I’ve just published a new book with Palgrave. It’s a short, provocative introduction to debates about new technologies, which takes self-driving cars as its case study. It’s available here, and I would love to know what readers think of it.
Free Thinking on Radio 3 is a great indulgence – an opportunity for long-form conversation, steered by expert broadcasters. I’ve been fortunate to appear twice recently. First, in a programme on cars, parking and motorways; second, in a discussion of whether Isaac Asimov’s psychohistory might help us understand the current enthusiasm for data and AI.
As the year comes to an end it feels important to share our project playlist. We’re taking requests.
Last month, the Driverless Futures? team and a few student volunteers set up shop in the Science Museum’s Driverless exhibition to get a feel for how the museum visitors thought about the possibilities and pitfalls of self-driving vehicles.
We made a little film:
I recently attended a talk given by Edmond Awad, one of the team that carried out the research project entitled Moral Machine, amongst other things. Run from MIT, Moral Machine is an online survey that presents respondents with a series of randomly generated dilemmas based on the so-called trolley problem. It sets up a series of scenarios in which an automated vehicle is on a collision course and the respondent is asked to choose between two courses of action that will have differing effects on both occupants of the vehicle and those crossing its path. In addition to being told the number of individuals at risk of fatal injury, respondents are also presented with information about their characteristics, ranging from age and gender to species (human, cat, dog), status, level of fitness and, even, housing status.
The survey has attracted a very large number of responses, with a paper in Nature reporting on the first 40 million “dilemma responses”.
This member of the audience found the whole thing very intriguing and came away thinking that trolley problems remain the question after the question. That is, before we ask whether an automated system should prioritise on the basis of age or gender, say, we should be asking whether automated systems should be allowed to prioritise at all. But the trolley problem has demonstrated an enduring appeal to professional and armchair philosophers alike for many years and we should not deny them their fun.
I got confused, though, after I asked Dr Awad whether any respondents had pointed out that no automated system would ever be able reliably to identify whether Person A was homeless (this being one of the attributes tested by Moral Machine). He replied that this wasn’t the issue: what his experiment was testing was people’s values and, in effect, concerned itself with the aftermath of any crash (whether the “right” individuals had died) than the algorithm the automated system might employ. Confused of Bloomsbury responded that the homeless/not homeless attribute in the survey therefore wasn’t included to test people’s attitudes to what automated vehicles might do. And Dr Awad replied that none of this was: no one responding to the survey actually expected automated vehicles to do as depicted in the scenarios. (I hope I represent his words fairly.)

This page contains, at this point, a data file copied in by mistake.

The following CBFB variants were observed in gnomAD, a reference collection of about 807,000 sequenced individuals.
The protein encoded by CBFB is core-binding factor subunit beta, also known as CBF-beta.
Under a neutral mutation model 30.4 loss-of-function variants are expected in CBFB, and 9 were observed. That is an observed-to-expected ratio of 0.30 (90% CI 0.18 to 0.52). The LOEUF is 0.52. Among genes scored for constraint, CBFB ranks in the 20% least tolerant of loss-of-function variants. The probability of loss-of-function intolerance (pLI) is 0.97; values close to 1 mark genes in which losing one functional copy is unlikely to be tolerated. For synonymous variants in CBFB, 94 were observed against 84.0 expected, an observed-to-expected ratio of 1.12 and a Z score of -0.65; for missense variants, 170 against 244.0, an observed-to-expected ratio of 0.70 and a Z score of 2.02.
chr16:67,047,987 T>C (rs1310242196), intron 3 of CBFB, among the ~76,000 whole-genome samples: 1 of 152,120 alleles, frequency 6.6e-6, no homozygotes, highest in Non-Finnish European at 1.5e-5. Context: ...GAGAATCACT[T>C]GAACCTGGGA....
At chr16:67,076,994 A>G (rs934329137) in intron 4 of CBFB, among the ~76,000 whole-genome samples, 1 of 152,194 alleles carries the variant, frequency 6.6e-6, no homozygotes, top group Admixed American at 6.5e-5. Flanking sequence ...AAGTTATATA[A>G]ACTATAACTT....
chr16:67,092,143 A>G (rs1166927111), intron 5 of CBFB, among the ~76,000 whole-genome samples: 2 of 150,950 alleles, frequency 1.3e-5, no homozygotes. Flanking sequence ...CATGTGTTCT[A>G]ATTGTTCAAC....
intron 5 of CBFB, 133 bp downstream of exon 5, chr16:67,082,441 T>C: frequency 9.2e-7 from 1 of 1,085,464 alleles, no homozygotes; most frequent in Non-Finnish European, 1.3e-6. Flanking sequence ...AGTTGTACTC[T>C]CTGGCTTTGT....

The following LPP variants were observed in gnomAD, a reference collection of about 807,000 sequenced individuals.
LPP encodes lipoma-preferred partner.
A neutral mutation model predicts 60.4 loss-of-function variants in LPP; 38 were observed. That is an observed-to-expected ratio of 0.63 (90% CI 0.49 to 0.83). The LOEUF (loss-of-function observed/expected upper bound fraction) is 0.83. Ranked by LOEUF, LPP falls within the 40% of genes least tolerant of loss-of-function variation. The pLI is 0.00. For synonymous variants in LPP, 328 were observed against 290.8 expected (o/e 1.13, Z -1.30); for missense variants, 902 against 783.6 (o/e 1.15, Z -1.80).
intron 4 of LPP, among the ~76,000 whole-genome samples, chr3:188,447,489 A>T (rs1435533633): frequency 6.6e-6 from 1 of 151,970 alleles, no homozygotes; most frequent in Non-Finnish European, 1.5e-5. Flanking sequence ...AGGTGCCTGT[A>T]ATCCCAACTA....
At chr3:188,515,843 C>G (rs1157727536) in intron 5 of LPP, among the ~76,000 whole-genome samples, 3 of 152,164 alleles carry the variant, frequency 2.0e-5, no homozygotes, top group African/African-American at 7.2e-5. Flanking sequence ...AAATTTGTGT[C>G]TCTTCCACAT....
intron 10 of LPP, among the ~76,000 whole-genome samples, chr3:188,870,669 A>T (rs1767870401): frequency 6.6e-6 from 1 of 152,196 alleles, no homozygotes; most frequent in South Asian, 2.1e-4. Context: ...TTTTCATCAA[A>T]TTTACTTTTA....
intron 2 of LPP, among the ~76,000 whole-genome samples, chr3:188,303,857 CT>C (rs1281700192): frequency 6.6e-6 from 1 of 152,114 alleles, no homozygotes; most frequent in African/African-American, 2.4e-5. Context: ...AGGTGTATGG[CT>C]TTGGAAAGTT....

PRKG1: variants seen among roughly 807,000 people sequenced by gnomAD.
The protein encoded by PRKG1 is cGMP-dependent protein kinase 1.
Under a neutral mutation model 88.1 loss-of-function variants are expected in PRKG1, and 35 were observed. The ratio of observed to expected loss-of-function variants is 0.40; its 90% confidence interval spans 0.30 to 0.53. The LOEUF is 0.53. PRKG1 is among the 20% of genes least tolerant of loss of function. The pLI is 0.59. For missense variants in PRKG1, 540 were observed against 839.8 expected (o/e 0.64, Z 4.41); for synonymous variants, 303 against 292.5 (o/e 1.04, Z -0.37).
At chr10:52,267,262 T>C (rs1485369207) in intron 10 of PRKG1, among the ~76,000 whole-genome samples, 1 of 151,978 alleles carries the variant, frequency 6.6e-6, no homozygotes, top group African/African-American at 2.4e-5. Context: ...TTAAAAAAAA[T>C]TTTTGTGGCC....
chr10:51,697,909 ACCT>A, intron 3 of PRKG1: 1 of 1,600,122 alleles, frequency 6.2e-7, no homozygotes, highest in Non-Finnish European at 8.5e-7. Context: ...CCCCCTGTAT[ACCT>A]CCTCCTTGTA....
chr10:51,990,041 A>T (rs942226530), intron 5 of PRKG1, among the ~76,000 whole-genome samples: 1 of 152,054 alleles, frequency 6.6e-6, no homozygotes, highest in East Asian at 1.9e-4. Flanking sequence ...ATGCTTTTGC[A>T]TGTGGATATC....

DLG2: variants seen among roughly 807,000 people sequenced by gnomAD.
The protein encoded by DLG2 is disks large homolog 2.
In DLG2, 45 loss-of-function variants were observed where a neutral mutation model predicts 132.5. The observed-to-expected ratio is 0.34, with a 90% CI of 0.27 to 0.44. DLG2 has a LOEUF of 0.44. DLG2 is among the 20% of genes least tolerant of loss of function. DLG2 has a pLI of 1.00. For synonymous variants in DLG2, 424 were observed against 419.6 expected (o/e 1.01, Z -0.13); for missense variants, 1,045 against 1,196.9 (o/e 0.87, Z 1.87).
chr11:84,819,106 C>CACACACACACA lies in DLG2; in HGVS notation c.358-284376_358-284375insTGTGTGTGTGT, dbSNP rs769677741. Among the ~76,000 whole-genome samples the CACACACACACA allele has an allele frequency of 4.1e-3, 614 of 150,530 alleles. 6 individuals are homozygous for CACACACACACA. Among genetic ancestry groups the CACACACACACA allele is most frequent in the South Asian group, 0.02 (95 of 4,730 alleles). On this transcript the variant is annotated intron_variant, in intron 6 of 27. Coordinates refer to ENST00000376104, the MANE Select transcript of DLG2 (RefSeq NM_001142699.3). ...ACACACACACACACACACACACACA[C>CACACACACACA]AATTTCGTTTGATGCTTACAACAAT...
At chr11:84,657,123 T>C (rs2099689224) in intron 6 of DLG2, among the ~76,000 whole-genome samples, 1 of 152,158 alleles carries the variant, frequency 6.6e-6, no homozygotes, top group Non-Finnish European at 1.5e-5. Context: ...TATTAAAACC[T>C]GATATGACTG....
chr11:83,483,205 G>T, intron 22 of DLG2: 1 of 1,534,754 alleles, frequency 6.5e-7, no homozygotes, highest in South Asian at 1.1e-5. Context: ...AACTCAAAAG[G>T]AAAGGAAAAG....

If my understanding of what he said is correct, I have two comments. The first is that there is a world of difference between something not being possible now and not being possible ever. I suspect that most, if not all, of those who responded to the survey did so on the basis that an automated vehicle might one day be designed such that at least some of their preferences could be enacted. So I’m very dubious about seeing the entire experiment as speculative. If it was, why use automated vehicles at all? Why not use the conventional out-of-control trolley, if all that is sought is an understanding of people’s preferences concerning who should die in such scenarios and of their attitudes to acts and omissions? But I can’t believe that the AV element is nothing more than a MacGuffin: members of the research team have done other work on AVs and are clearly interested in ethical questions relating to this technology.
So, second, if I’m right that the researchers are asking about AVs because they are interested in AVs, the fact that the scenarios used in Moral Machine are manifestly beyond what artificial intelligence is likely ever to be able to do makes their inclusion at least frivolous and, possibly, irresponsible. Automated vehicles are the subject of intense discussion at present precisely because a variety of actors are hard at work bringing them onto our transport networks, with the high probability that humans (homeless or otherwise), dogs and cats will be involved in collisions. I think it’s therefore incumbent on any researcher purportedly doing serious research on the subject to stay within the bounds of what is reasonable. To give the team the benefit of the doubt, I suppose the research could meaningfully illuminate the debate if we were envisaging a future world in which humans are tagged with their attributes, including their housing situation, thus relieving the vehicle of having to discern such details. But that doesn’t even bear thinking about.